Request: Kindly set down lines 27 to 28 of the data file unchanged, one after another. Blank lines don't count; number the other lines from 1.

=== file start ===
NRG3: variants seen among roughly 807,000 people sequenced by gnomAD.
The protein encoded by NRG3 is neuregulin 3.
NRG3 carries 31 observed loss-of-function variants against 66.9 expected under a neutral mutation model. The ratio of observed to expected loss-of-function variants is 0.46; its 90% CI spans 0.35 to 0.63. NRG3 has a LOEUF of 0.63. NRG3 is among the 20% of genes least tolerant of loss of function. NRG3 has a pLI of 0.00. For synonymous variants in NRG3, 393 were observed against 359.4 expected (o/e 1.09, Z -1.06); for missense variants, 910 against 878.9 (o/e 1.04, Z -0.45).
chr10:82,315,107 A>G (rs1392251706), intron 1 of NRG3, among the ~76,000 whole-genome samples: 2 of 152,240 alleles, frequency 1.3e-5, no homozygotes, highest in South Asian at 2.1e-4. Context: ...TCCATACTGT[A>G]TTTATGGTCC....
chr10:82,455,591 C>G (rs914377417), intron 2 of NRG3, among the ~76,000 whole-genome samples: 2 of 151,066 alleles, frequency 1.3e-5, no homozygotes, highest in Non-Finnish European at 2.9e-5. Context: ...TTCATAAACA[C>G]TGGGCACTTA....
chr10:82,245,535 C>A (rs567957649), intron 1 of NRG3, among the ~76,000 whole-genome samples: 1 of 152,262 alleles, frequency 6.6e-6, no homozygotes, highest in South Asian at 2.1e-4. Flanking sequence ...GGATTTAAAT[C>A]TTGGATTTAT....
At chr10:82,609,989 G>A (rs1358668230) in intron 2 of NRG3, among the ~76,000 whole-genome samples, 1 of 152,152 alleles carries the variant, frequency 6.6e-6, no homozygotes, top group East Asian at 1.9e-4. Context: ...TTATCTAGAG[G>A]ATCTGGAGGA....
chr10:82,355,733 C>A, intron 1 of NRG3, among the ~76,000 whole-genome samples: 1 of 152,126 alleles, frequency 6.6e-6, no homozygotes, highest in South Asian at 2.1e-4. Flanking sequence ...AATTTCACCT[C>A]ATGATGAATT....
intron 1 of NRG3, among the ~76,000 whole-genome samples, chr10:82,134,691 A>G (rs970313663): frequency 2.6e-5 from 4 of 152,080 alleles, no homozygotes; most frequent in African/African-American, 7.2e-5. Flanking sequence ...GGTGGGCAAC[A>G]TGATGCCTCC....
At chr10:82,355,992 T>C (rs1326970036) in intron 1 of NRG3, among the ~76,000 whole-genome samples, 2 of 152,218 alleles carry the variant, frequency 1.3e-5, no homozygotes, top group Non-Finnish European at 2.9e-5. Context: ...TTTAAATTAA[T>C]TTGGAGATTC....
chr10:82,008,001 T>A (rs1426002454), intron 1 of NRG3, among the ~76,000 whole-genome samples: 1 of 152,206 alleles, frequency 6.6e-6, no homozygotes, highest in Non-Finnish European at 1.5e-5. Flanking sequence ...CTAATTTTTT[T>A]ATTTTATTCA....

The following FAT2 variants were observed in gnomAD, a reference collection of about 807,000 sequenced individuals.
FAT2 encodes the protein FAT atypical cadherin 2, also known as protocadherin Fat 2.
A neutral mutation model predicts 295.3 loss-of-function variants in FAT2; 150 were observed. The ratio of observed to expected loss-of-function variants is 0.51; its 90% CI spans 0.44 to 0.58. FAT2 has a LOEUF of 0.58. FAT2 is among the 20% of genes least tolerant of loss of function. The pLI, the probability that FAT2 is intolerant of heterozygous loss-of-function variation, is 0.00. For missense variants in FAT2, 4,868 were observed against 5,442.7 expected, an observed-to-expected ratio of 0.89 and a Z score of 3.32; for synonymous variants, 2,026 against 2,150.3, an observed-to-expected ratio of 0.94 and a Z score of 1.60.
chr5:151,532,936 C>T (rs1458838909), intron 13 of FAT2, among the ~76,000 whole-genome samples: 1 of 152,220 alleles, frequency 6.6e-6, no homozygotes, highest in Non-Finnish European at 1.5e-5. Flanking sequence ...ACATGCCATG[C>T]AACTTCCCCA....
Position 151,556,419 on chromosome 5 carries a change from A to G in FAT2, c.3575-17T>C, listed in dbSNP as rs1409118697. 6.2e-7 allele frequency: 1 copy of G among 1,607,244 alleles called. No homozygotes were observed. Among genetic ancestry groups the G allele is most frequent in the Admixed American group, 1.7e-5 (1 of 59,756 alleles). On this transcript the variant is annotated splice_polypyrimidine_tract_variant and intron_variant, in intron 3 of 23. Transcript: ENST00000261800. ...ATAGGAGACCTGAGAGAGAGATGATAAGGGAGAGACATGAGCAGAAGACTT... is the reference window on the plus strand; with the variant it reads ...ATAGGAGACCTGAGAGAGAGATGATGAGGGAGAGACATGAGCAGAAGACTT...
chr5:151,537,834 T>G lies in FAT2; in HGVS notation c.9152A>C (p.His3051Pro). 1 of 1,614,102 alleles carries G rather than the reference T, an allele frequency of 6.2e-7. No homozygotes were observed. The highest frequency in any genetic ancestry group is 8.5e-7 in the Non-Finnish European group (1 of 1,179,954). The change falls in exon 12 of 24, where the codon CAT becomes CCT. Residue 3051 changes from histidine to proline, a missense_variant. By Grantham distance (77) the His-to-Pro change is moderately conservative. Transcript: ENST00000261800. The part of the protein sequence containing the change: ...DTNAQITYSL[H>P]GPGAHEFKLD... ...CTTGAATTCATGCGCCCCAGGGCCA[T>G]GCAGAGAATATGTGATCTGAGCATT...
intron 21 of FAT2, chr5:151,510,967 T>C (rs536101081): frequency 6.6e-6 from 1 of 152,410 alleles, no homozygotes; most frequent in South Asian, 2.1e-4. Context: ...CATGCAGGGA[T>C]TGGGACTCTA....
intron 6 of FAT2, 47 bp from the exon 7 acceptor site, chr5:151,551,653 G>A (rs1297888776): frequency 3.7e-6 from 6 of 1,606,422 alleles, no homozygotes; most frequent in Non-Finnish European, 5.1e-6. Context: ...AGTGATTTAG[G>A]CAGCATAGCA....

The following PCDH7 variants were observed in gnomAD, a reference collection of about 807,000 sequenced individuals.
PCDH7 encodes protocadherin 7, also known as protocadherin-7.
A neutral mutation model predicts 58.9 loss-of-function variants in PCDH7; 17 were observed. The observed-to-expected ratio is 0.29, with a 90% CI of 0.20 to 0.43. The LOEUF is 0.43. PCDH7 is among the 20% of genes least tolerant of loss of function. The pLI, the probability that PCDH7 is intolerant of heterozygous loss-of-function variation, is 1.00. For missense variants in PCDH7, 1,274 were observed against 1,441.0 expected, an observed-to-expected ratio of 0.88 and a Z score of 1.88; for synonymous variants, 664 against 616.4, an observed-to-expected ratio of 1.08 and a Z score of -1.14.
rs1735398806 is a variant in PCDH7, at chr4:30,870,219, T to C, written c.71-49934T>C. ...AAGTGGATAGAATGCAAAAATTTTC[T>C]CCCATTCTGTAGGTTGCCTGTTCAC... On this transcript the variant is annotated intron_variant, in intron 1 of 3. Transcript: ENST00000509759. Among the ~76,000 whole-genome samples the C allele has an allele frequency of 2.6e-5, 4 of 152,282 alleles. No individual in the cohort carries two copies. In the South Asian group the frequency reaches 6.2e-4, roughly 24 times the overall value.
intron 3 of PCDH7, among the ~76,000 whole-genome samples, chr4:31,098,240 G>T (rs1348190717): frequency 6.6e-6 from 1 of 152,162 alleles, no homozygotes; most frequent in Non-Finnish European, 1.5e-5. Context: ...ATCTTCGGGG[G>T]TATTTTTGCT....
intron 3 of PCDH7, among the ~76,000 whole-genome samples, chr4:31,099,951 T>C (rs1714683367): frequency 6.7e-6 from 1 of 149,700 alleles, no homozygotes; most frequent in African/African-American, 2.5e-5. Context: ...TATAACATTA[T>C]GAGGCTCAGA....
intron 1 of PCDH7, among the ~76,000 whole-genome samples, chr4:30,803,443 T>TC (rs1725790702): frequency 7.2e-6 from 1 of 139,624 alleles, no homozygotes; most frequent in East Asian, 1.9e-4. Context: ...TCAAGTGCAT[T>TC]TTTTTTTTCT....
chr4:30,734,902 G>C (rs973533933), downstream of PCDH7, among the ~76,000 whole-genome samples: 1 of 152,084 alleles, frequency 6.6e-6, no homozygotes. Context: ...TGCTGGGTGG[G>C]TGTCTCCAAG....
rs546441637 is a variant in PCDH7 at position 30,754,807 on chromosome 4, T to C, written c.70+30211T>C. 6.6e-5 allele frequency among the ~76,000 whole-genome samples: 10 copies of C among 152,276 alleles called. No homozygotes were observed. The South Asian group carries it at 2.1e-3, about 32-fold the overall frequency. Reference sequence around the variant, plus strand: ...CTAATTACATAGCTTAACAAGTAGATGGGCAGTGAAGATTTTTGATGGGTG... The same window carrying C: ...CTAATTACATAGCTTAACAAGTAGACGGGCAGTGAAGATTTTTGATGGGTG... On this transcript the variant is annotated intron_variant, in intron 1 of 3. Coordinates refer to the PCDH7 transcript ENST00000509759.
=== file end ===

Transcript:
chr4:30,734,902 G>C (rs973533933), downstream of PCDH7, among the ~76,000 whole-genome samples: 1 of 152,084 alleles, frequency 6.6e-6, no homozygotes. Context: ...TGCTGGGTGG[G>C]TGTCTCCAAG....
rs546441637 is a variant in PCDH7 at position 30,754,807 on chromosome 4, T to C, written c.70+30211T>C. 6.6e-5 allele frequency among the ~76,000 whole-genome samples: 10 copies of C among 152,276 alleles called. No homozygotes were observed. The South Asian group carries it at 2.1e-3, about 32-fold the overall frequency. Reference sequence around the variant, plus strand: ...CTAATTACATAGCTTAACAAGTAGATGGGCAGTGAAGATTTTTGATGGGTG... The same window carrying C: ...CTAATTACATAGCTTAACAAGTAGACGGGCAGTGAAGATTTTTGATGGGTG... On this transcript the variant is annotated intron_variant, in intron 1 of 3. Coordinates refer to the PCDH7 transcript ENST00000509759.